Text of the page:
Alberto Barbera, you have been Director of the Venice Film Festival twice, from 1999 to 2001 and now since 2012. What has changed in the film industry during that time?
A great deal, much more than one would imagine. The digital revolution has transformed the film industry and its production, promotion and distribution methods. Today the lifecycle of a film is much accelerated, because the sums of money invested in it are so large a movie needs to get into cinemas as soon as it has been finished. Festivals no longer have the strategic role they once did in the promotion of mainstream movies. Cannes and other festivals are now considered very expensive to attend, and production studios are much more careful about how they spend their money. There is also the risk that a film will not be well received critically, which could result in a boomerang effect.
How has all this affected Venice?
Venice certainly has great prestige and tradition and is known for the high quality of its selections; it is a major event and one where the world press are present. For smaller films and independent productions it is an effective way to raise the profile a film that is not yet successful or that is having a hard time finding distribution, but these days the marketing strategy of the majors tends not to favour costly festivals.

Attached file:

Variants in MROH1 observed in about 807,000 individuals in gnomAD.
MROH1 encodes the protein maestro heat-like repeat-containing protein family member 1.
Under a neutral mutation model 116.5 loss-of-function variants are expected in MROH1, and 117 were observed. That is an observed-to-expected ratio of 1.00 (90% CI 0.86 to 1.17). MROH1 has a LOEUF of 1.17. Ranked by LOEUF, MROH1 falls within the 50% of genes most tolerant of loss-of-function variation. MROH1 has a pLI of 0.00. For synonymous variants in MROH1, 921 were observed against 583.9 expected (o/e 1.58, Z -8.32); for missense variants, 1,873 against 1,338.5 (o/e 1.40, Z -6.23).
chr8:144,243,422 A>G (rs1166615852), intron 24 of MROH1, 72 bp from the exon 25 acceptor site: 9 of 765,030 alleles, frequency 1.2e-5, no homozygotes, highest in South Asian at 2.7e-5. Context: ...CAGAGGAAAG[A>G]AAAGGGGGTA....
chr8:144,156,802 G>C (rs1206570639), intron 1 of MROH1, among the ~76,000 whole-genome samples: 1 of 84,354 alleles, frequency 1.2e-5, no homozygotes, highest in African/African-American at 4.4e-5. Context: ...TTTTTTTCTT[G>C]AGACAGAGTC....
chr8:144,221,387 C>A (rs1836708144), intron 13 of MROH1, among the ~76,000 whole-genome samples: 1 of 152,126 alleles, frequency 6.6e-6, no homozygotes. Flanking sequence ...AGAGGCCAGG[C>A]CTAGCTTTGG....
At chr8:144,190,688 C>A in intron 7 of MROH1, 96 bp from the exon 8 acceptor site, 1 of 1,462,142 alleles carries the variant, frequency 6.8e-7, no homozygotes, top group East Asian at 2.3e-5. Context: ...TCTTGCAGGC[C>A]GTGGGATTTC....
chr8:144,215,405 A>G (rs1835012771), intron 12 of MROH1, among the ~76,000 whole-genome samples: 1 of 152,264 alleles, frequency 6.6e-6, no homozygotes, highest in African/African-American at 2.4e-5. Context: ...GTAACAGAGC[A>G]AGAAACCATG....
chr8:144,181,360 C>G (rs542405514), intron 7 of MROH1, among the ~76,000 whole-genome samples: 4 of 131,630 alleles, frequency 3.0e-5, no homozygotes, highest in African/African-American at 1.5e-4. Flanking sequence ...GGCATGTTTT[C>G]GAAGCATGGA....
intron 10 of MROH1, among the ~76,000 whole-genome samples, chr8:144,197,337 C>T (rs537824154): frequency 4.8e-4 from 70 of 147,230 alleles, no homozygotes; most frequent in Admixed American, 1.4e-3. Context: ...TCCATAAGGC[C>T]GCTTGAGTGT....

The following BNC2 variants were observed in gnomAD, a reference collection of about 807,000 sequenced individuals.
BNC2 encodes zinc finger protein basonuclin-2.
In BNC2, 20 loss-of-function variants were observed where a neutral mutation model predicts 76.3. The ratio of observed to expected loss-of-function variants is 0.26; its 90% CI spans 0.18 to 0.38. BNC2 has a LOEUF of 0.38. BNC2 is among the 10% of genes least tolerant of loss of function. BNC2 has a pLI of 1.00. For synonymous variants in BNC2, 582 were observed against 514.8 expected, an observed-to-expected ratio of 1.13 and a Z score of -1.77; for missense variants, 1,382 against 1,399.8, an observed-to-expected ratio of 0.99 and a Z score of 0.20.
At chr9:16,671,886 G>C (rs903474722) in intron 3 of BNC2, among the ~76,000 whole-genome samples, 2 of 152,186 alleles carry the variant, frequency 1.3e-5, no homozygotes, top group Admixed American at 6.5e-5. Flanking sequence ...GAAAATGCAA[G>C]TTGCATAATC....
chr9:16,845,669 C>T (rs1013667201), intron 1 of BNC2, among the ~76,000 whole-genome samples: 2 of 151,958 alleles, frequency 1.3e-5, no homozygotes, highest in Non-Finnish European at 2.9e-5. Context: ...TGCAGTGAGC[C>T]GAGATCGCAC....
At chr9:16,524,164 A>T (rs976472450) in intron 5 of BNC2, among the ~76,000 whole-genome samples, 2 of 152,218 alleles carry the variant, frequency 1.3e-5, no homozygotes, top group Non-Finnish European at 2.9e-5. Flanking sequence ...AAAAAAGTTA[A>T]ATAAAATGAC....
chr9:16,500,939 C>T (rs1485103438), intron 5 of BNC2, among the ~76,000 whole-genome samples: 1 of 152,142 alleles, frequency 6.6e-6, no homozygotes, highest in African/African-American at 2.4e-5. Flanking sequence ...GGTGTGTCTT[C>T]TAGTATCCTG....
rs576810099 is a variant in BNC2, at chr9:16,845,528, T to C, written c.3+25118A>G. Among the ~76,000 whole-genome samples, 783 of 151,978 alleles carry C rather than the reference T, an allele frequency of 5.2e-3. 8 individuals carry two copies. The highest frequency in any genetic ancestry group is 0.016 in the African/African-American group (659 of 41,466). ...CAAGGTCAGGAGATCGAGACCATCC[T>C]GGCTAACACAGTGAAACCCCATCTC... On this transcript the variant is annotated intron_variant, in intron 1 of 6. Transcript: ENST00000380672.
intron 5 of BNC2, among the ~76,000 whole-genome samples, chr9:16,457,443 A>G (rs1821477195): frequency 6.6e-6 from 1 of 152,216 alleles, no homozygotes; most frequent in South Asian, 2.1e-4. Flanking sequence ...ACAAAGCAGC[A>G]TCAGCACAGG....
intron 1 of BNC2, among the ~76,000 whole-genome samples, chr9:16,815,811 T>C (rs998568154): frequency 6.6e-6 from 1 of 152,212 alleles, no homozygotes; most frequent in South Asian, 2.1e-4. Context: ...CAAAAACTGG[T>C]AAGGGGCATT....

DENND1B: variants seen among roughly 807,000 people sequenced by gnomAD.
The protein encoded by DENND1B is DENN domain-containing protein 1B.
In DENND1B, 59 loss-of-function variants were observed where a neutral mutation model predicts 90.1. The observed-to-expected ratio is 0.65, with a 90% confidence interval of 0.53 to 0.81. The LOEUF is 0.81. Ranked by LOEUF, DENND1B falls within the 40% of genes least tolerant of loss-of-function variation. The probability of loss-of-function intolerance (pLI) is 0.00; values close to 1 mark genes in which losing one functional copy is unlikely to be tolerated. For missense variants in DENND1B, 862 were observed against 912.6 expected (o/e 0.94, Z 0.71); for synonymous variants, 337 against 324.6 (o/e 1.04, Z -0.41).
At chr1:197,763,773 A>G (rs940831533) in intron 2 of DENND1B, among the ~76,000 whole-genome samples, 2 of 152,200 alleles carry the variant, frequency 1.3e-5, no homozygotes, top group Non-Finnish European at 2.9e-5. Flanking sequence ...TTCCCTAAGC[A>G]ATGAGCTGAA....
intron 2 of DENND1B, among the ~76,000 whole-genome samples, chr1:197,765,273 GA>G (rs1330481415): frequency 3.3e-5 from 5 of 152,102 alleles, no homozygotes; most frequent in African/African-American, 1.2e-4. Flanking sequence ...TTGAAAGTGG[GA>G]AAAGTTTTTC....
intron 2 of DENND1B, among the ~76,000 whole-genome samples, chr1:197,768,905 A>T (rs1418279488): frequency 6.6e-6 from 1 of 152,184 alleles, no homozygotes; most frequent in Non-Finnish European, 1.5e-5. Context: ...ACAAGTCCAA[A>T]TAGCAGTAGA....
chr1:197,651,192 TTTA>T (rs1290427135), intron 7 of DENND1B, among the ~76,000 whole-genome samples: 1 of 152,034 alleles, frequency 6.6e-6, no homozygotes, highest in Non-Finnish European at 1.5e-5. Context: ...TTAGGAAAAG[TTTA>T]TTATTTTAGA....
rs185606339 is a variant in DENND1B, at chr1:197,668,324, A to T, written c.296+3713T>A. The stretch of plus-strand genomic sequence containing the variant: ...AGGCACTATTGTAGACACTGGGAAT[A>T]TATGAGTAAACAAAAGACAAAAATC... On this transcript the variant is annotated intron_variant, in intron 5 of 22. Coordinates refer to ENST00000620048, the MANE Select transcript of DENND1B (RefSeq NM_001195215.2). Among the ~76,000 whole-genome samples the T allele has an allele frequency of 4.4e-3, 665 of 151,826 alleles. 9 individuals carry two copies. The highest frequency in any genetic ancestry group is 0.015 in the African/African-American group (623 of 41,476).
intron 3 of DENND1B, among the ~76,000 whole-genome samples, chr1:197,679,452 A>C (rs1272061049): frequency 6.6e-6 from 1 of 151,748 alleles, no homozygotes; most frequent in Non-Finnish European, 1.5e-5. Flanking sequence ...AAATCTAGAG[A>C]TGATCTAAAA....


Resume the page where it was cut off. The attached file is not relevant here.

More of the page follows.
And how is the relationship between true cinema and popular television series?
Nowadays cinema pays a lot of attention to television series. They are often conceived and directed by well known directors and acted by high profile Hollywood stars whose success and popularity is sometimes greater than in the movies. The interesting thing is that today’s television series are the place for experimentation, they try out many more new things than the big Hollywood productions. They explore innovative themes and new story lines that the public likes very much and they revive fictional dimensions which cinema has in some ways turned its back on. It is possible for them to bring great stories alive over dozens of episodes, just like nineteenth century novels did.
Is cinema in crisis?
It’s living through a time of transition, and new technology means some movies now cost much less to make, but others cost a lot more. The public has fallen out of love with cinema-going, apart from in China, which is experiencing a boom like we had in the ’40s and ’50s. Globally, China is the second largest market for cinema-going, while in western countries the majority of the public access films over the Internet. Unfortunately, production companies had to play catch up when getting to grips with kids illegally downloading films. Nowadays you can find almost anything on the net for free, much to the detriment of the production houses. They need to figure out how to create new and different product offerings, and they need to get a move on and open up some new markets or the industry will continue to suffer.
What point are you at in preparing for this year’s Venice Festival?
I’m still configuring the screenings calendar which is very complex, slotting seven films a day into a timetable which has different showtimes depending on categories and spans a number of different theatres.
What are the categories?